Tuesday, September 29, 2009

Lemon Brandied Apples

In the 60's my parents took their first trip to Germany. Travelling through the Black Forest area they stopped for dinner in one of the old farmhouses typical to the area. For dessert the chef wheeled out a cart and prepared these apples table side. They are a favorite here at the inn, paired with everything from our Caramel French Toast to Pumpkin Pancakes or served as the fruit course with a touch of Whipped Cream sweetened with honey and spiced with cinnamon.


5 large Apples, cored and thinly sliced
2 Tablespoons Honey, good quality, preferably raw
1 lemon, juice and zest
1/4 cup Brandy (Rum works as well)

Peel core and slice apples directly into a small flat pan
Add lemon zest and juice
Drizzle honey over the apples
Over medium heat cook the apples, cover and steam till soft
In a separate metal saucepan gently heat the brandy just till you see steam
Carefully touch with a flame and pour over the apples stirring until the flame goes out
Serve hot

Swiss Woods Bed and Breakfast
Debbie Mosimann
the Lititz, PA Broad

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Pumpkin Pancakes

Autumn in Lancaster County brings with it cooler temperatures and the fall harvest of pumpkins, and apples. Our breakfast menu's go from summer delights to fall bounty often featuring this perennial favorite pancake recipe. These are bright orange in color and have a creamy soft texture. Paired with the Lemon Brandied Apple recipe they are a surefire hit.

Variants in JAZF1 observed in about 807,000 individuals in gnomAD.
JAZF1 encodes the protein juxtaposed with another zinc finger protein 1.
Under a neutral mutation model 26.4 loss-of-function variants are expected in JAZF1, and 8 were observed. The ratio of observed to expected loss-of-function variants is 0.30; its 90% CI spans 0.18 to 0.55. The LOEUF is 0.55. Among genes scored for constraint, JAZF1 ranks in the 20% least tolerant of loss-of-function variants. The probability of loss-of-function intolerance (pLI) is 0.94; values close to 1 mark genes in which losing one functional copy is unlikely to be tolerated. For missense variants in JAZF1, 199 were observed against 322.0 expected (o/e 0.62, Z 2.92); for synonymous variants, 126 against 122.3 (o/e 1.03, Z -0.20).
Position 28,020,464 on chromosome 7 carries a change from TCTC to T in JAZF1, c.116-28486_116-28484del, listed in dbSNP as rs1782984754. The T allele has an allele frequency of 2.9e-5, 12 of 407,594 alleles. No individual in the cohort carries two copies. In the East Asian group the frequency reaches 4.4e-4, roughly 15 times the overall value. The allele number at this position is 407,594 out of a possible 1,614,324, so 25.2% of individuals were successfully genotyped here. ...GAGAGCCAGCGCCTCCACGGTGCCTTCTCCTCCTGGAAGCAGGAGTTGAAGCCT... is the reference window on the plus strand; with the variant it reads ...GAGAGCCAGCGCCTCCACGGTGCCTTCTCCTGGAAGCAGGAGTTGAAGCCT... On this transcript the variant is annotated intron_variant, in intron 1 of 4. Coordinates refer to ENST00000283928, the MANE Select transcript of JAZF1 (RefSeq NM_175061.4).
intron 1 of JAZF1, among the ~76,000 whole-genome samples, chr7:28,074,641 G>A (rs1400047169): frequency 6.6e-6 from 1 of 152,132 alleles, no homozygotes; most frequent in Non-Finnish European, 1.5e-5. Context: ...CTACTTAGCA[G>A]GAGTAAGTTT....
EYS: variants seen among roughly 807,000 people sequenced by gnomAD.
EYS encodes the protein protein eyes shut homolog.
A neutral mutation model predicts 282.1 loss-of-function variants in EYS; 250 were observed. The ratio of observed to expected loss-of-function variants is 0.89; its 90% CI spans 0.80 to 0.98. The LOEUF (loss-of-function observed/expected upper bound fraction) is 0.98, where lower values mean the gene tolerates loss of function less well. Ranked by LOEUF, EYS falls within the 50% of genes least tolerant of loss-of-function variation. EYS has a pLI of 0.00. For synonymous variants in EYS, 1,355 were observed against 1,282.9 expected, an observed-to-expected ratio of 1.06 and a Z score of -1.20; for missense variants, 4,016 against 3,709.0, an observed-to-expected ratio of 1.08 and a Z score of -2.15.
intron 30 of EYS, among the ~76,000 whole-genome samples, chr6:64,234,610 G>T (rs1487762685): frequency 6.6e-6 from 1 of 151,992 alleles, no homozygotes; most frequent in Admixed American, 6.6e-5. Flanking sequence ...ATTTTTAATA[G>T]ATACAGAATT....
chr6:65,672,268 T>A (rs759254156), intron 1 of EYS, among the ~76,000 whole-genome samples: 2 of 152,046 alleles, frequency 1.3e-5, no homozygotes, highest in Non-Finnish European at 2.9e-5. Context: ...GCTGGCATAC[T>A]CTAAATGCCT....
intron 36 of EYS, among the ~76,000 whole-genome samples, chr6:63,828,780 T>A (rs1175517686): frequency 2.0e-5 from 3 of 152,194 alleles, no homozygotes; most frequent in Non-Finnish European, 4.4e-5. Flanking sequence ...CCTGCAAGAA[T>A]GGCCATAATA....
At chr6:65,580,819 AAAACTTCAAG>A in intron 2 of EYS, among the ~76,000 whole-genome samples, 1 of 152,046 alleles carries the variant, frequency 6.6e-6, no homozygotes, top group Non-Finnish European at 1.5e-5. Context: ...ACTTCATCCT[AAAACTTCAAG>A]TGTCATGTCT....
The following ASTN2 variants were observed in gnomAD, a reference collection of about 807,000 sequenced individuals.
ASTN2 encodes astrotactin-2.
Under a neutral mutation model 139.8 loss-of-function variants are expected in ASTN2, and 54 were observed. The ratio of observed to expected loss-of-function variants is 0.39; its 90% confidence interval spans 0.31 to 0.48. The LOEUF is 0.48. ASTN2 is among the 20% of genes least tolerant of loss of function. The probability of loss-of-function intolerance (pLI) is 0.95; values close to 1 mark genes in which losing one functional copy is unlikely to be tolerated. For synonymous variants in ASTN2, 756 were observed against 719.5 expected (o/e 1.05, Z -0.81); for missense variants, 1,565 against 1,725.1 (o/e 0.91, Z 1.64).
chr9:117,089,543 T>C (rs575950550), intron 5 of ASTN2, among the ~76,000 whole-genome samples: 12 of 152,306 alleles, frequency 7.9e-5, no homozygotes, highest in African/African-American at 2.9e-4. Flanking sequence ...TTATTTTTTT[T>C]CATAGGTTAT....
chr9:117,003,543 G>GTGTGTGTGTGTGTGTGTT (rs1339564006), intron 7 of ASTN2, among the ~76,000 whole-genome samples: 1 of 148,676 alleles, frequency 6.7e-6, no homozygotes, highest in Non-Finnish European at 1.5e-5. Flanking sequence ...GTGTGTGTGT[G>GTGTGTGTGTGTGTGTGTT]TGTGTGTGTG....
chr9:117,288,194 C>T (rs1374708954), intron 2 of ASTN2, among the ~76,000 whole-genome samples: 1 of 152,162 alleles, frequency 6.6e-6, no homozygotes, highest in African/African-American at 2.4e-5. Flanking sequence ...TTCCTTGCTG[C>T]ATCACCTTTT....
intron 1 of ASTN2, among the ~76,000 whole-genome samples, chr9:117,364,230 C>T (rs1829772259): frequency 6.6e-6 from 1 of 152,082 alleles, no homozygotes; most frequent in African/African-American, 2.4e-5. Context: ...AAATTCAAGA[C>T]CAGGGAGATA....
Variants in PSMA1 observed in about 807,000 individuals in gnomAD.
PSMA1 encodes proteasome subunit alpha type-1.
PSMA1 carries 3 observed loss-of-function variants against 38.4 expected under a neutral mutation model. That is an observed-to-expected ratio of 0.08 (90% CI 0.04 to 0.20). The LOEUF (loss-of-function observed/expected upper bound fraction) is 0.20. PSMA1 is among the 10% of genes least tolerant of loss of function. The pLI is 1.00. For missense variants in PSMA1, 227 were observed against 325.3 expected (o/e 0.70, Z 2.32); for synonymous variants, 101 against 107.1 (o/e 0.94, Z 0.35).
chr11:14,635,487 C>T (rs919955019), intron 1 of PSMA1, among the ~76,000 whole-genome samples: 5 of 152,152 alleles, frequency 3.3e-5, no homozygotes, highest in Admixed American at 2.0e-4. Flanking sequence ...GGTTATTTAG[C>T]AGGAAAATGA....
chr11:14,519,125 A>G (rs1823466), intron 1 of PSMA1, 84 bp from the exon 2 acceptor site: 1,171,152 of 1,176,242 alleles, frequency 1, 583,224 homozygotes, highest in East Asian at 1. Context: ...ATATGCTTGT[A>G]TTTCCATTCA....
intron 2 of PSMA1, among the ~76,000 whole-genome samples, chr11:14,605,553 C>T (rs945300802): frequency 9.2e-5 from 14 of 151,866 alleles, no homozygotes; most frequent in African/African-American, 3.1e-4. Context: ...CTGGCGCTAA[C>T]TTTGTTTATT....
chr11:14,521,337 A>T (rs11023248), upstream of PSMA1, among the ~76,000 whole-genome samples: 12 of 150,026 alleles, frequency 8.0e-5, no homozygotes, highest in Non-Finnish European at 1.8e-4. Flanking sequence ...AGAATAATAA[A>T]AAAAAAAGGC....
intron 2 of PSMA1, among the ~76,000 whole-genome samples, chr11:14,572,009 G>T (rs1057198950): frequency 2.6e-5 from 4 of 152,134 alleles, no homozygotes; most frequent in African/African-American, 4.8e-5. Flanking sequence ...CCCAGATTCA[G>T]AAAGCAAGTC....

2 cups flour
4 Tablespoons sugar
4 tsp baking powder
1 tsp cinnamon, preferably Saigon or Vietnamese
1/8 tsp cloves
pinch allspice and nutmeg
4 Tablespoons melted butter
1 cup milk
2 eggs
1 cup pumpkin, Libby's or fresh
1 cup sour cream or Greek yogurt
pinch salt

Preheat a griddle to 400F

Combine dry ingredients in a large bowl

In a separate bowl whisk butter, milk, eggs, pumpkin and sour cream

Stir into dry ingredients

Pour by 1/4 cupful onto the hot griddle

Flip when bubbles form on the surface.

Serve warm

Debbie Mosimann
Swiss Woods Bed and Breakfast
the Lititz, PA Broad
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Thursday, September 24, 2009

Broccoli and Cheddar Frittata

Guests at the Brampton Inn are treated to a small a-la-carte breakfast menu each morning. Main courses always include guests' choice of eggs any style, a sweet entree or the egg dish du jour. Therefore, we cook each dish to order including frittatas. When we can we use Carole's organic eggs. Carole is our mid-week breakfast cook and awesome baker and raises her own chickens.

Pre-heat oven to 325 degrees

Per person:

1/4 cup homemade garlic croutons, see recipe below
1/3 cup steamed "al-dente" broccoli florets
2 large eggs
1/8 cup white aged cheddar
sea salt and freshly ground pepper, to taste
butter for your pan

Add a small pat of butter to coat a 7 inch Teflon omelet pan and set over medium heat.
Crack your eggs into a small bowl. Whisk vigorously with fork. Salt and pepper to taste. Add eggs to hot butter. With a heat sensitive non-scratch spatula lift side of eggs and let eggs run underneath. Repeat 3-4 times. Sprinkle broccoli, croutons and cheese over still wet eggs and place pan into preheated oven. Let set for 5 min. until cheese is melted and the broccoli is heated through. Serve at once.